With there being a true superhero renaissance in film today, we often forget as audiences just how rough the genre’s origins were. Aside from the presence of Tim Burton’s gothic Batman films, the 90’s in particular was especially troubling. Comic adaptations like Captain America and The Punisher failed to show what the genre could do.
Perhaps the most infamous example is the Roger Corman produced The Fantastic Four film. Despite never being released, this film has a unique history of its own, further explored in Doomed! The Untold Story of Roger Corman’s “The Fantastic Four”. This documentary gives a look into the roller coaster ride of the film’s production and inevitable fate.
Capturing the casts’ perspective of the transpiring events, Doomed offers an impassioned and insightful look into one of film’s great mysteries.
Much of what makes this documentary work so much is the engagement it has with its subject. Director Marty Langford pulled out all the stops, impressively getting interviews with the full ensemble and even Corman himself. With much of the cast having nothing to lose, their interviews are strong.
Everyone involved with the production delivers unfiltered interviews, relaying the dirty details with fervor. Their strong anecdotes paint a picture of the rushed and under-funded production, with the audience getting the sense of the uphill battle they faced. At the same time, they relay a sense of nostalgia, warmly looking back at the challenges production faced. Information is also delved out in a way that is engaging and entertaining, the key goal of a documentary.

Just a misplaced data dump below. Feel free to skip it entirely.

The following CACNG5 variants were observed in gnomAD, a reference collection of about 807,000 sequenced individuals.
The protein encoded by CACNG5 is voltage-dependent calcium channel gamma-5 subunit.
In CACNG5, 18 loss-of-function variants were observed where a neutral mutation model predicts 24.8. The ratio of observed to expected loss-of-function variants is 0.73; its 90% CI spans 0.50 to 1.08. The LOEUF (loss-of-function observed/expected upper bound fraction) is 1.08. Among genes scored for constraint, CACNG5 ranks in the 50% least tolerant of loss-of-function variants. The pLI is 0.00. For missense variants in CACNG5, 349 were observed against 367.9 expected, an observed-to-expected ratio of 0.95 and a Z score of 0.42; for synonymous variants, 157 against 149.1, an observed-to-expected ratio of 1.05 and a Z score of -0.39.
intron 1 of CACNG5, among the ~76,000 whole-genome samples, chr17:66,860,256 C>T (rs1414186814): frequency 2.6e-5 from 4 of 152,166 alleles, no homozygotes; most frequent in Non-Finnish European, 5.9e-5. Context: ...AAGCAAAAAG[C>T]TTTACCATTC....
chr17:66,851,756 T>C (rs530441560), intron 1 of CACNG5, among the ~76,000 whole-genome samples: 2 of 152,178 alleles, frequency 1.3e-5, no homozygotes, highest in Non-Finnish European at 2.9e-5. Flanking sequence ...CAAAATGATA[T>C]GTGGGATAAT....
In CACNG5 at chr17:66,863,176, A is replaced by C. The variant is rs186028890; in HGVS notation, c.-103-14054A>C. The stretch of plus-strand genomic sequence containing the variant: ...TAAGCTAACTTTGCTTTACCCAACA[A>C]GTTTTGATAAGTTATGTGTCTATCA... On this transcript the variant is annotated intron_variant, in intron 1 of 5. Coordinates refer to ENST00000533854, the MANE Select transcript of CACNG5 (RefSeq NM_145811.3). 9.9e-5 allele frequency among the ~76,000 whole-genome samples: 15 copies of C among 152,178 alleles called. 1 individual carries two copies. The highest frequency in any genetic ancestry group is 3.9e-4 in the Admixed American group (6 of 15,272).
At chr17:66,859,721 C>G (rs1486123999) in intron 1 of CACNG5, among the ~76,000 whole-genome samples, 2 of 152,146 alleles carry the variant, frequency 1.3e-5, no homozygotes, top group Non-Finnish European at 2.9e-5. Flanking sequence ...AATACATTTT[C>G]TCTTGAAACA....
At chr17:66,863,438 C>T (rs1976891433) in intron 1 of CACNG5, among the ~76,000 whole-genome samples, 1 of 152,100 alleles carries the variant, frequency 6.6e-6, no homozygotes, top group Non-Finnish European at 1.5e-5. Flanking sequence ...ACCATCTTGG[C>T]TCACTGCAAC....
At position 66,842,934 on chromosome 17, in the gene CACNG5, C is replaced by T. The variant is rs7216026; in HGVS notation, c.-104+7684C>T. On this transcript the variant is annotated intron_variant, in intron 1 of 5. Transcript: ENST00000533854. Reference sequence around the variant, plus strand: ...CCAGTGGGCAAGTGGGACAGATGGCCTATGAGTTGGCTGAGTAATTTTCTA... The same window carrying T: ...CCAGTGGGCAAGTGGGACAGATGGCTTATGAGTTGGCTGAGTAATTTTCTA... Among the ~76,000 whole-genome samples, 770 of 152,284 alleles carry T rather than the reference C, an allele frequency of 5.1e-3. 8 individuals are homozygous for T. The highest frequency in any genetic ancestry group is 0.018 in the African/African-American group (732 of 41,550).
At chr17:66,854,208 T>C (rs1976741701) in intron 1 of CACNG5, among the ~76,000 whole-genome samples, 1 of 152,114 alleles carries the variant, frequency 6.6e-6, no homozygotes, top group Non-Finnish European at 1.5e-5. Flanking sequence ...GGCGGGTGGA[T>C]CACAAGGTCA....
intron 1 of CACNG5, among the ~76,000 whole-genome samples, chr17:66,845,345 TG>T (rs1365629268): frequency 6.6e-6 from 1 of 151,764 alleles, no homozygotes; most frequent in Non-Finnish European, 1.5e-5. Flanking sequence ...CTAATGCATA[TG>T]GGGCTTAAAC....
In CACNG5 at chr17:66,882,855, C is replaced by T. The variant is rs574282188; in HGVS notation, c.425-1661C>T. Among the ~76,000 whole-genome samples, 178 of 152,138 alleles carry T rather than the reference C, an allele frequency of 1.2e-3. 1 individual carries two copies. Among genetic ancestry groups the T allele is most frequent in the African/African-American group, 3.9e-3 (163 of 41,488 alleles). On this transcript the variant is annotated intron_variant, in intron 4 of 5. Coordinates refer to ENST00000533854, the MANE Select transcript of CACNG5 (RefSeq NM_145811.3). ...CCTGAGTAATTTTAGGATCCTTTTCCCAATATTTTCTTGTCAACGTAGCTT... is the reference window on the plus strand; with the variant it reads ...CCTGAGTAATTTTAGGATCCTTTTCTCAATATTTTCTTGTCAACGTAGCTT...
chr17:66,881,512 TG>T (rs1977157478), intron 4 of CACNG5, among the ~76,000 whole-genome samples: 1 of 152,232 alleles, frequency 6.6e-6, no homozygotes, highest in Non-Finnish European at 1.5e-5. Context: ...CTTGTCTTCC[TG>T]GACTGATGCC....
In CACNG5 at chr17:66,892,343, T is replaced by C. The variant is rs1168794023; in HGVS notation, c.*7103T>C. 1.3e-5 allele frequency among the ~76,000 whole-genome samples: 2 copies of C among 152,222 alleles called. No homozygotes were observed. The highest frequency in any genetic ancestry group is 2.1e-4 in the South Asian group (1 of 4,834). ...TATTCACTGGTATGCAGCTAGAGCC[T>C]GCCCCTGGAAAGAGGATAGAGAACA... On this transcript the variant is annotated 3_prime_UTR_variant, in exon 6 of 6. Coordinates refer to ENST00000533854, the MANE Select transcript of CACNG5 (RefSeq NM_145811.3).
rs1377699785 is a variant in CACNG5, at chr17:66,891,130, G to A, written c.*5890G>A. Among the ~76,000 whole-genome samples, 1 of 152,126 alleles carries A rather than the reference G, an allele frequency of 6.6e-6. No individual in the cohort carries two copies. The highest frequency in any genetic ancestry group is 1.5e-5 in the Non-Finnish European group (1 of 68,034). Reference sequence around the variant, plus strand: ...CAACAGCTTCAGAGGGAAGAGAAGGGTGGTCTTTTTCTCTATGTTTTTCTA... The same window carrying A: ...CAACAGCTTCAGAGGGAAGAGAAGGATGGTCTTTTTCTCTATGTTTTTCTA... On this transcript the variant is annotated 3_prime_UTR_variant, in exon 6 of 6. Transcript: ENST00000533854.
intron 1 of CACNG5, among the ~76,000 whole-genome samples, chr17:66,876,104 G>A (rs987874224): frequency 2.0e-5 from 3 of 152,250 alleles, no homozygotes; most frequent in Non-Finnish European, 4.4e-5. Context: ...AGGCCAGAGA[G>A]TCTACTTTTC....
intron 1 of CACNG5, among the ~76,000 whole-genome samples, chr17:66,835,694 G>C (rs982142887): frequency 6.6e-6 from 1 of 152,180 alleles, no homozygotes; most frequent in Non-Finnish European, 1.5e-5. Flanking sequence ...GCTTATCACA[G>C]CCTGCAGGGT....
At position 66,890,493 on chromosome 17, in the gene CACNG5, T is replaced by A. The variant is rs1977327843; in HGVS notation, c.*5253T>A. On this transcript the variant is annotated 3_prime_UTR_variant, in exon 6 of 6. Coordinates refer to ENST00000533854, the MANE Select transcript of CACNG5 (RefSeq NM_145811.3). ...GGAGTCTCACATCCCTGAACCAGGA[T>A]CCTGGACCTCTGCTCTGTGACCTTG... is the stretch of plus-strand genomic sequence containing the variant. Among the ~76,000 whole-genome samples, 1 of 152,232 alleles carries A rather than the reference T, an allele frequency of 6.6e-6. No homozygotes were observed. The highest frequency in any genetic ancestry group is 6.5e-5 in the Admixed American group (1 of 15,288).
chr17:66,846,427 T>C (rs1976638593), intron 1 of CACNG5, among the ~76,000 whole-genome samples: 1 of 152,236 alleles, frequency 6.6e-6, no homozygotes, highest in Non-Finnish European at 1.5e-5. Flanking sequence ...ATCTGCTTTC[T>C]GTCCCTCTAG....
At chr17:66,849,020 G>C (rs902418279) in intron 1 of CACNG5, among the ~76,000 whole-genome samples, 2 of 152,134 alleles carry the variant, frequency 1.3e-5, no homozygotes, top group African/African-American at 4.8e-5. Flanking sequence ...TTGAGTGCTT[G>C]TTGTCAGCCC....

The story itself is such an interesting one that it’s a shock a documentary had not been made earlier. The complicated details of the film’s post-production are enraging, with the heartless business decisions likely angering all audiences. At the same time, Langford and his subjects do not hero-worship the film, admitting to its severe flaws and corny approach.
At the same time, this documentary clearly has some of the same budgetary restrictions as Corman’s film. Transitions done through quotes are often times a bit too on the nose, and the background music could lull audiences to sleep at points.
Despite a few technical hiccups, Doomed! The Untold Story of Roger Corman’s “The Fantastic Four” is one of the year’s strongest documentaries. Langford capitalizes on an interesting subject matter by pulling out some great interviews and a fairly objective perspective.